A campaign called ‘Operation Southern Slow Down’ aimed at helping save lives and prevent reckless driving and speeding in Florida and four other southeastern states, kicked off today. The past few years have seen an increase in risk-taking and careless driving. No matter how safe of a driver you think you may be, speeding is dangerous.
The campaign, is a joint effort by the National Highway Traffic Safety Administration (NHTSA), Florida Highway Patrol, Florida Highway Safety and Motor Vehicle Department, FDOT, and the southeastern states of Florida, Alabama, Georgia, South Carolina, and Tennessee. State and local law enforcement agencies in all five states will be conducting a week-long speed enforcement awareness campaign from July 17, 2023, through July 22, 2023. Operation Southern Slow Down aims to deter speeding, prevent aggressive driving, and save lives. FHP will specifically focus on detecting and citing drivers for exceeding the posted speed limits across Florida’s interstate corridors.
“When motorists make the decision to engage in dangerous speeds on our roadways, they needlessly place themselves and other road users at risk of deadly outcomes,” said Will N. Watts, Jr., P.E., FDOT Assistant Secretary for Engineering and Operations, and the Florida Governor’s Representative for Highway Safety. “FDOT remains committed to achieving its target of zero fatalities and serious injuries on our roadways, and we are proud to join transportation and law enforcement partners across the state – and our neighboring southern states— in the Operation Southern Slow Down effort. Together, we can help get everyone home safely.”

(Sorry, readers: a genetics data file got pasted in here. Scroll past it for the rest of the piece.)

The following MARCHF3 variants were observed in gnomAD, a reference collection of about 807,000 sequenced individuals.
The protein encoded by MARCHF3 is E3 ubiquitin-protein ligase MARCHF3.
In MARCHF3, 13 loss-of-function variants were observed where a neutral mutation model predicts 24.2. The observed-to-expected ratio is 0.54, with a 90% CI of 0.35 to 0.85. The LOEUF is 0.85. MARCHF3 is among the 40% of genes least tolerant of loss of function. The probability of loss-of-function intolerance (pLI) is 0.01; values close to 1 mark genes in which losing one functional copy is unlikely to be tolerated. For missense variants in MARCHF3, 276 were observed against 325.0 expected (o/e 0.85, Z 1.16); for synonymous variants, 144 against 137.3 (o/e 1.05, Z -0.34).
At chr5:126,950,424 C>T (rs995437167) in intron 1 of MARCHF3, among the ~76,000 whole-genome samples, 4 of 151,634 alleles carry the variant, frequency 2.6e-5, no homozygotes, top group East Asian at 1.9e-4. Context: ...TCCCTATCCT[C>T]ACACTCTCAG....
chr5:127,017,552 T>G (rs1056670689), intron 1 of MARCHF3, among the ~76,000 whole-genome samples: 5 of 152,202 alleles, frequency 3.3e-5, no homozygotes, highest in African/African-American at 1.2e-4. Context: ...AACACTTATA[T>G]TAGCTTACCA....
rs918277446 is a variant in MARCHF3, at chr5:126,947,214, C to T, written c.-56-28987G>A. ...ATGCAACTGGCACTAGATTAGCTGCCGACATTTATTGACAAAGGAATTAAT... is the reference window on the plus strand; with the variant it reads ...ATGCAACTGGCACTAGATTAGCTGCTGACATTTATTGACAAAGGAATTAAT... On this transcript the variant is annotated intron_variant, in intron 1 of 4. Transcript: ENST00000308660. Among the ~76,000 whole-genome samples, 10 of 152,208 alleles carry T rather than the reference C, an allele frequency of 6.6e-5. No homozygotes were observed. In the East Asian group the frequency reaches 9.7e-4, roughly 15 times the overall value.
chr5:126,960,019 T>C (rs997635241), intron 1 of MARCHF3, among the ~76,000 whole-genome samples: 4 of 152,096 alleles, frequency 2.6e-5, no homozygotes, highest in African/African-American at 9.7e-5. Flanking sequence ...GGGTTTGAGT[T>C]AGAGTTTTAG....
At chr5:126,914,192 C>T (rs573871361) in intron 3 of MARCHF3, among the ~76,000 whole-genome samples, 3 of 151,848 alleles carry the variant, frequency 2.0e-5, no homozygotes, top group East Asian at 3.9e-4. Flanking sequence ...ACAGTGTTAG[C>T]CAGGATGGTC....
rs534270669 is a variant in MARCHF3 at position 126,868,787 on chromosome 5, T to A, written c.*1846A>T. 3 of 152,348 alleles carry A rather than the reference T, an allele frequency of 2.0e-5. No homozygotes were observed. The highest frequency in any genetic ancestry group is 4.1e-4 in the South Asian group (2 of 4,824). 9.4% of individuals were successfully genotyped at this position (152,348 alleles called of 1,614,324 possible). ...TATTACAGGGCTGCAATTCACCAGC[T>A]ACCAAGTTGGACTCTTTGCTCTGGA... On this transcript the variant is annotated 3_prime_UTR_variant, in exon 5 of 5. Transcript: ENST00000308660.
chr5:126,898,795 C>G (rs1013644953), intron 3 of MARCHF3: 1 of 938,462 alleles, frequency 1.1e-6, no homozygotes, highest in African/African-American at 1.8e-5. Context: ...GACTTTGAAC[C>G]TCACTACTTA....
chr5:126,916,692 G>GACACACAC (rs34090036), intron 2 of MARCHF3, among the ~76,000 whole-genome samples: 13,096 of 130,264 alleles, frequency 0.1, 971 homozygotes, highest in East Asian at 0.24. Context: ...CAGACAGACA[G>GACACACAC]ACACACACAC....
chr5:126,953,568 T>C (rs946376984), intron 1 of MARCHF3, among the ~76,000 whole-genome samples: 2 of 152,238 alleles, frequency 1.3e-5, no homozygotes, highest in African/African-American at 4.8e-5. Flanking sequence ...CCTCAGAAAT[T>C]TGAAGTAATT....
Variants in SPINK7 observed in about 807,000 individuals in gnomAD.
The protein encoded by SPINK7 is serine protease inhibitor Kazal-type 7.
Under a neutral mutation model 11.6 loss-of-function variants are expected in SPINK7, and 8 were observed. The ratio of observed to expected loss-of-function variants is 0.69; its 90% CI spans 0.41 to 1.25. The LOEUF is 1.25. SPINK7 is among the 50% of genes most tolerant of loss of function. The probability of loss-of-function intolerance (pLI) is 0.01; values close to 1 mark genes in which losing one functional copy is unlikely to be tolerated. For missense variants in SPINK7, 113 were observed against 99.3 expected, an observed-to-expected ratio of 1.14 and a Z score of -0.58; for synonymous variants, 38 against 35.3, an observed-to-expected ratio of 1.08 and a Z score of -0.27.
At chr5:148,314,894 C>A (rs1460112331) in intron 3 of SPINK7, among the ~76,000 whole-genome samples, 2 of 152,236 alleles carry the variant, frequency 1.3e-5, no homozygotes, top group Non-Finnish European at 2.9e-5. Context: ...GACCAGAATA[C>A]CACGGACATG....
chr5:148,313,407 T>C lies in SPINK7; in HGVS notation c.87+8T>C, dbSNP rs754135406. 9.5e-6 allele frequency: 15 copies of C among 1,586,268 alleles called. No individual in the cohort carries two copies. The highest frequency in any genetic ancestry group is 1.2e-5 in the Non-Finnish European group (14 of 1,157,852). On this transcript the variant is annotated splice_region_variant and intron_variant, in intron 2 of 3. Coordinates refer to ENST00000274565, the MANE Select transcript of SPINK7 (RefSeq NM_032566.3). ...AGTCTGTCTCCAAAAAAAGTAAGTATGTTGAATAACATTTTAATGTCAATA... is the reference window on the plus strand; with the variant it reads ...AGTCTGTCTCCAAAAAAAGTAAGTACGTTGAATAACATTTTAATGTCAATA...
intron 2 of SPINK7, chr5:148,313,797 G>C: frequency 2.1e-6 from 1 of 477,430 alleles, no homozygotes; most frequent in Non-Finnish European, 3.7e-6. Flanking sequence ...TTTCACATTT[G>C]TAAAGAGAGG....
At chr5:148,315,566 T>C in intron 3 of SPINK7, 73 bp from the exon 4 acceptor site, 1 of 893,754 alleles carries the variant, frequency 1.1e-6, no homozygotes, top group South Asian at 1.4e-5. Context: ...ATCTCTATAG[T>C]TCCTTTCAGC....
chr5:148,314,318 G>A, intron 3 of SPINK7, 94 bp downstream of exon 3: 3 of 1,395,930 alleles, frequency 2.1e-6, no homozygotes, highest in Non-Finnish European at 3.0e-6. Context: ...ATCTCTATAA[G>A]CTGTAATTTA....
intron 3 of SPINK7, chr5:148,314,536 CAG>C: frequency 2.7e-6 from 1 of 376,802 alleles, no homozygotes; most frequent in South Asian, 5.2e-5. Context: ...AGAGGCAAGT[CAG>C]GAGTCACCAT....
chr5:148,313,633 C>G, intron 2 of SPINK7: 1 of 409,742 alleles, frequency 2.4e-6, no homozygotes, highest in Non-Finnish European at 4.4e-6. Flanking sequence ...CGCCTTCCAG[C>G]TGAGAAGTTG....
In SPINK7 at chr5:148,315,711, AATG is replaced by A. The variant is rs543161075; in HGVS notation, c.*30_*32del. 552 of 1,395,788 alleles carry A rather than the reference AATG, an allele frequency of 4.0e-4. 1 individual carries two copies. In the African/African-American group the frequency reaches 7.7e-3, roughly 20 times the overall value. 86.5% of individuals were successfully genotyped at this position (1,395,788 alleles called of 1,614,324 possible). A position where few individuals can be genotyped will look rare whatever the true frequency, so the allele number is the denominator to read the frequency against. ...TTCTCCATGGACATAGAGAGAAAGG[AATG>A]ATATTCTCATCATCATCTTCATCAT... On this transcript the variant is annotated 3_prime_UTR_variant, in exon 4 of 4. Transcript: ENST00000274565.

As you travel, here are some tips to stay safe on Florida’s roadways this summer:
- Anticipate increased traffic during peak travel periods. Plan ahead and give yourself ample drive time.
- Buckle up and make sure all passengers are buckled up the entire trip.
- Slow down in construction zones. Keep in mind that construction increases during the summer season.
- No matter how eager you are to reach your destination, speeding and driving aggressively is dangerous. Stay patient and give other road users plenty of space.
If you observe aggressive driving, do not engage with the other driver. Dial *FHP (*347) or 911 for local law enforcement.
Speeding fatalities have continued to increase over the past few years, rising a dramatic 17% from 2019 to 2020 and another estimated 5% from 2020 to 2021. Even advancements in vehicle safety and passenger protection cannot keep people safe from the dangers of speeding.
According to NHTSA, in 2020, there were 11,258 people killed in speeding-related traffic crashes, and speeding was a contributing factor in 29% of all fatal crashes nationally.